Tuesday, January 11, 2011

The Sun...Hurtful or Healthful?


Ah, the sun. Remember what the warmth of the sun feels like on your skin? Remember how it tingles, and energizes every pore? Where did it go?

It seems almost cruel to talk about sunshine this time of year. It's been a long time since we saw the sun. Here on the rainy west coast, a break in the clouds sends my wife into a frantic dash to soak up the very brief rays before the clouds consume them again. But shouldn't she be avoiding those harmful UV rays??

For many years we have been told to limit sun exposure, glob on copius amounts of chemical laden sunscreen, and to keep the tender skin of our children away from harmful cancer causing rays. Is this really what's best for us??? The sun is our major source of Vitamin D3, which 85% of the American public is seriously deficient in.


Many of us notice a decrease in energy, and a more lethargic or depressed mood during the long winter months. Our bodies respond to the shorter days and increased darkness during the winter by producing an increase of melatonin. Melatonin is the mood-regulating hormone that modulates the body's internal clock, or circadian rhythms, bringing us down gently at night for sleep. Mood swings, food cravings, and insomnia are influenced by Melatonin. Vitamin D levels are inversely related to those of melatonin. Sunlight shuts melatonin production off, while triggering the release of Vitamin D, which serves many vital functions in the body.

Vitamin D, is actually a hormone itself, the most powerful hormone in your body, rather than a vitamin. Vitamin D plays a vital role in a maintaining a healthy immune system, decreasing the risks of high blood pressure, maintaining blood calcium levels, and promoting healthy insulin secretion and glucose tolerance, and is a potent antibiotic, so it makes sense that Vitamin D positively influences diseases such as:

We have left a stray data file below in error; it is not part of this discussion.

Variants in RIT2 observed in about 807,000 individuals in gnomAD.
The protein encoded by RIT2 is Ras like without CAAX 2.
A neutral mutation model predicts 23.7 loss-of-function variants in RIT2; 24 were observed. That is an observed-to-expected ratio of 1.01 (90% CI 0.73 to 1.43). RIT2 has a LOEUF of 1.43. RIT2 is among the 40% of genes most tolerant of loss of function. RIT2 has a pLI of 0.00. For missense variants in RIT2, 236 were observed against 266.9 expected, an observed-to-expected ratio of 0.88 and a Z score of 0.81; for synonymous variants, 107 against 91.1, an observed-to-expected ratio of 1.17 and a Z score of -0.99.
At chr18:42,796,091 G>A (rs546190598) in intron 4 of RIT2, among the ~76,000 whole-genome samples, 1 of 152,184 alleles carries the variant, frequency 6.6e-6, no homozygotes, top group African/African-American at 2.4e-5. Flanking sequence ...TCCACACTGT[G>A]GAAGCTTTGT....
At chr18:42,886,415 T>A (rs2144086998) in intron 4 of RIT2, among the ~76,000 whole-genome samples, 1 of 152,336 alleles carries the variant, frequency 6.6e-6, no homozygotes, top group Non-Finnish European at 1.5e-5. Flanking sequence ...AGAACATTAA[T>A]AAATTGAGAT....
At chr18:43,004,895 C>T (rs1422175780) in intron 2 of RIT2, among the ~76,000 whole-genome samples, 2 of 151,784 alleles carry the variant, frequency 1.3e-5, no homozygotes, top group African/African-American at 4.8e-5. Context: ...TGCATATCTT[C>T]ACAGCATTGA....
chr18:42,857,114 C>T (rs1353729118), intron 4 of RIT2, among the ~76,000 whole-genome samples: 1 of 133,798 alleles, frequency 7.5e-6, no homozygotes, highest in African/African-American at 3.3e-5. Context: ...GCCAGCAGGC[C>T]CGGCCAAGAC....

SO, the question is, HOW do we get our Vitamin D this time of year when we are spending most of our time indoors, or under cloudy skies? And how much Vitamin D is necessary?


The BEST source of vitamin D is through unfiltered sun exposure. 15 minutes of daily sun exposure in the early morning or late afternoon sun on bare arms, legs, and face is enough for most light-skinned individuals to create an ample supply of vitamin D. Those with darker skin may require up to 40 minutes of daily exposure. But leave your sunscreen inside!






Since winters in the northwest prevent us from enjoying the benefits of natural sunlight, it is important for us to be getting our Vitamin D through a quality supplement. 2,000 IU per day is a safe amount for some individuals, while most people need quantities closer to 5,000 IU per day. The only way to know exactly how much Vitamin D your body needs is by testing the levels of vitamin D found in your blood. Ideally, your test results should show blood levels of 25 OH D at 60 ng/ml.

So, what is the best Vitamin D supplement to take? My recommendation is to find an organic supplement that is from a natural source, lanolin or high quality fish. Usually the health food store is your best option. Many supplements are synthetically made, and not absorbed fully by your body. They won't specifically mention their synthetic manufacturing process, but the lower grade vitamin D brands are ones typically found in the grocery store.


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